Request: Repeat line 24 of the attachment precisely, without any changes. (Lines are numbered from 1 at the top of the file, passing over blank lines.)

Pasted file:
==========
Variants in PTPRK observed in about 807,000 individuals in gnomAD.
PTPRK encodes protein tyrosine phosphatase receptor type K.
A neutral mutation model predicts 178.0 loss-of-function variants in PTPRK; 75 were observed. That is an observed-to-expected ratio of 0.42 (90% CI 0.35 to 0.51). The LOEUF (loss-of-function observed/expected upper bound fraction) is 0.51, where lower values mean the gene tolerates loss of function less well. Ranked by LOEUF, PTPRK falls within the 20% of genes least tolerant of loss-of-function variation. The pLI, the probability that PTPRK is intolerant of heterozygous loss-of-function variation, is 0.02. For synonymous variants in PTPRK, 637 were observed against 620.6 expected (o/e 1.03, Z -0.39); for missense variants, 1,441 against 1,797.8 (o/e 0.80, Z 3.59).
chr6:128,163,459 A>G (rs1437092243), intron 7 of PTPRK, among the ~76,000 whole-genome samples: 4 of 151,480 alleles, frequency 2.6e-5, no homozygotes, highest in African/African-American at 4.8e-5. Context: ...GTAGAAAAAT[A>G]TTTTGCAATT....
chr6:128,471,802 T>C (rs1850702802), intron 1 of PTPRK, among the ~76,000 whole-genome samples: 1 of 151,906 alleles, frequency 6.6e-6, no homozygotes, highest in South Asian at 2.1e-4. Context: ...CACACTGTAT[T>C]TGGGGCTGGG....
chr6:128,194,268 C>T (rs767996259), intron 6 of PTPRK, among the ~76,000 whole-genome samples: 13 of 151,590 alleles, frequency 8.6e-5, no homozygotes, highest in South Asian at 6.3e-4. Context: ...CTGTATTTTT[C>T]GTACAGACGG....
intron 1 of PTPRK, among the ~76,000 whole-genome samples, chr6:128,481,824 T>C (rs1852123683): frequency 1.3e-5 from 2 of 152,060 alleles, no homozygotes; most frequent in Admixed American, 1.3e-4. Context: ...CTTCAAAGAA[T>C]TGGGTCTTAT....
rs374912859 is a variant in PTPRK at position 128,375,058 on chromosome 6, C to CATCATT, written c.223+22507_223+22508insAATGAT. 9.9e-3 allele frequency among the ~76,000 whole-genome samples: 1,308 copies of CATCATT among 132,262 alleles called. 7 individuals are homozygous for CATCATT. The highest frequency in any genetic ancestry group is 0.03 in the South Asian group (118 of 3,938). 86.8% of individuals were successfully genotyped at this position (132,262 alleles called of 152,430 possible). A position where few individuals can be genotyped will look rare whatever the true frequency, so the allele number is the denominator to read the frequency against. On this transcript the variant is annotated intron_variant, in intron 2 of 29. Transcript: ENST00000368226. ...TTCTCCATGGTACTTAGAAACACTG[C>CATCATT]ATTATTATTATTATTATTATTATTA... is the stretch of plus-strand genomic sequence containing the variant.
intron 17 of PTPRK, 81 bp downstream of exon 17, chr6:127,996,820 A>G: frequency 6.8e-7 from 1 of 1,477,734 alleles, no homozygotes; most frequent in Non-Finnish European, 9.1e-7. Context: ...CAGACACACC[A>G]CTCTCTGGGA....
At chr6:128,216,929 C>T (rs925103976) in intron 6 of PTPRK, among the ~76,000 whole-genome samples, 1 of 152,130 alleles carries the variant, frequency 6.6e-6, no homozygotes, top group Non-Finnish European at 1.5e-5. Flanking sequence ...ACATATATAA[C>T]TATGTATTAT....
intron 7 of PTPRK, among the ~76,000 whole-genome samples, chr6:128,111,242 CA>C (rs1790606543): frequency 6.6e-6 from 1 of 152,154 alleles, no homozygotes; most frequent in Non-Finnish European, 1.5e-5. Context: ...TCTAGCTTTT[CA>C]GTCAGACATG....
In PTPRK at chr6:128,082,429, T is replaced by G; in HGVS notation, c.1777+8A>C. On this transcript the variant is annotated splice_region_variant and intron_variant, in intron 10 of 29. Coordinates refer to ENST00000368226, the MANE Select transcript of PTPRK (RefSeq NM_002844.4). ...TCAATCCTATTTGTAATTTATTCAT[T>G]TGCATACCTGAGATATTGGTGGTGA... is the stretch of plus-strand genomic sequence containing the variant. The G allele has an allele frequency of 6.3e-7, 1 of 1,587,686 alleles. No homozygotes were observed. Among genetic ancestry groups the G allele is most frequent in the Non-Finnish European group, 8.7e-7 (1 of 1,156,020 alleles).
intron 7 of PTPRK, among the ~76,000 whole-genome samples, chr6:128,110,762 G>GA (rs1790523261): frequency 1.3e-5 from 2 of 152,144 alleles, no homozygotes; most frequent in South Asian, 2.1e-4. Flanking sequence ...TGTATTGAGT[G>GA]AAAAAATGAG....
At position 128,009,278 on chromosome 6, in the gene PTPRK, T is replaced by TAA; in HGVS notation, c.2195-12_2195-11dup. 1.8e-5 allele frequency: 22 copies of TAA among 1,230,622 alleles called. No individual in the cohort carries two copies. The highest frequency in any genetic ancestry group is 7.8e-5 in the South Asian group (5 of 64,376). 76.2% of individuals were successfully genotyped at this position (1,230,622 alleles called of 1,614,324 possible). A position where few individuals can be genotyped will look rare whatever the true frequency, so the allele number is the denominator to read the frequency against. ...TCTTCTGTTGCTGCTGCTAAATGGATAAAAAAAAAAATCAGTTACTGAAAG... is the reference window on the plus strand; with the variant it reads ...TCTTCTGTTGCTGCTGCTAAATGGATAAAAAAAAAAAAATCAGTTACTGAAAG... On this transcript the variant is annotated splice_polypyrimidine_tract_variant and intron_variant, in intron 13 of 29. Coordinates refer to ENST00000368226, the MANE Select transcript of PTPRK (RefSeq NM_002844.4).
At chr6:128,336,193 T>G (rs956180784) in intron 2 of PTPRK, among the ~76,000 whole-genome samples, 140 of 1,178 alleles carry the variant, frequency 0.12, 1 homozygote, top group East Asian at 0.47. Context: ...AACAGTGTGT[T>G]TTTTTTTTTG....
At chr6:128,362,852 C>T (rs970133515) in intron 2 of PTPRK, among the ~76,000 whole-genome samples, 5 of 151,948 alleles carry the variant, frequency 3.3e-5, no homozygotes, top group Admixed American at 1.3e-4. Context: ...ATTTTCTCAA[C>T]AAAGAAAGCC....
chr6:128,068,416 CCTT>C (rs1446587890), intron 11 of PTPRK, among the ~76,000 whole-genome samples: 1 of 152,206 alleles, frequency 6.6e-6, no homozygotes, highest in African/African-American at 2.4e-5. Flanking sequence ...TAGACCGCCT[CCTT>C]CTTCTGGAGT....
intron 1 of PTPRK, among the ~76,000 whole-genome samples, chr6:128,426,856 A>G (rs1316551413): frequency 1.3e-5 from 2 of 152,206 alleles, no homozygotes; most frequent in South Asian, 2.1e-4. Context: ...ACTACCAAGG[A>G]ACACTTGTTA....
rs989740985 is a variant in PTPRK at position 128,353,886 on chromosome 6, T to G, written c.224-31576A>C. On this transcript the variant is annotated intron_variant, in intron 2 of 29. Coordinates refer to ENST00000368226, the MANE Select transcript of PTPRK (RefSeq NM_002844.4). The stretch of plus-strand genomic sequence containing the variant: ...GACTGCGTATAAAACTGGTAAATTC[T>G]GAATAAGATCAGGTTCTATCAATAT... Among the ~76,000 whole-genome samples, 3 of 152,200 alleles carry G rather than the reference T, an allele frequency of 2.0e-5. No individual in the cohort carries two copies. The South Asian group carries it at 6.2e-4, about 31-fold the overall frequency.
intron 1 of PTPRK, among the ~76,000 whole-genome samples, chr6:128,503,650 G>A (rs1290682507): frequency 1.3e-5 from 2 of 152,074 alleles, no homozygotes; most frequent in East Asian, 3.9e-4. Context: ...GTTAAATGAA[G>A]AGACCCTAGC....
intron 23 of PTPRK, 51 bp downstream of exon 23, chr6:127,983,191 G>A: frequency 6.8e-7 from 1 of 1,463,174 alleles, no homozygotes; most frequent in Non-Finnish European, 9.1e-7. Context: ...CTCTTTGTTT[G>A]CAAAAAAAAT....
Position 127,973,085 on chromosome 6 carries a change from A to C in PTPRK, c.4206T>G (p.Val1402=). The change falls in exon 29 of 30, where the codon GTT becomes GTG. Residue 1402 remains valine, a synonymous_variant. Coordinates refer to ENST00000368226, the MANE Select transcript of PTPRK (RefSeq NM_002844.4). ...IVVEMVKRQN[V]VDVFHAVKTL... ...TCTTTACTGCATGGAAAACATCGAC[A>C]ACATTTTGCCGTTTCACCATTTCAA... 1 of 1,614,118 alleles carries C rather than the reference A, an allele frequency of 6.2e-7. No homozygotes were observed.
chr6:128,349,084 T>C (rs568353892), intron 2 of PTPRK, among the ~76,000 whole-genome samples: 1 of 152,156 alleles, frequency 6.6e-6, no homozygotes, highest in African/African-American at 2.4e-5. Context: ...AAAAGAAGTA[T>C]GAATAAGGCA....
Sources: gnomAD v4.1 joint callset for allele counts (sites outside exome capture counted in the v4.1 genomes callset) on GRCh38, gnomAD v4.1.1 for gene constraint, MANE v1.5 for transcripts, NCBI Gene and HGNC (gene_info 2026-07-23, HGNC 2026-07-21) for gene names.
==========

Sources: gnomAD v4.1 joint callset for allele counts (sites outside exome capture counted in the v4.1 genomes callset) on GRCh38, gnomAD v4.1.1 for gene constraint, MANE v1.5 for transcripts, NCBI Gene and HGNC (gene_info 2026-07-23, HGNC 2026-07-21) for gene names.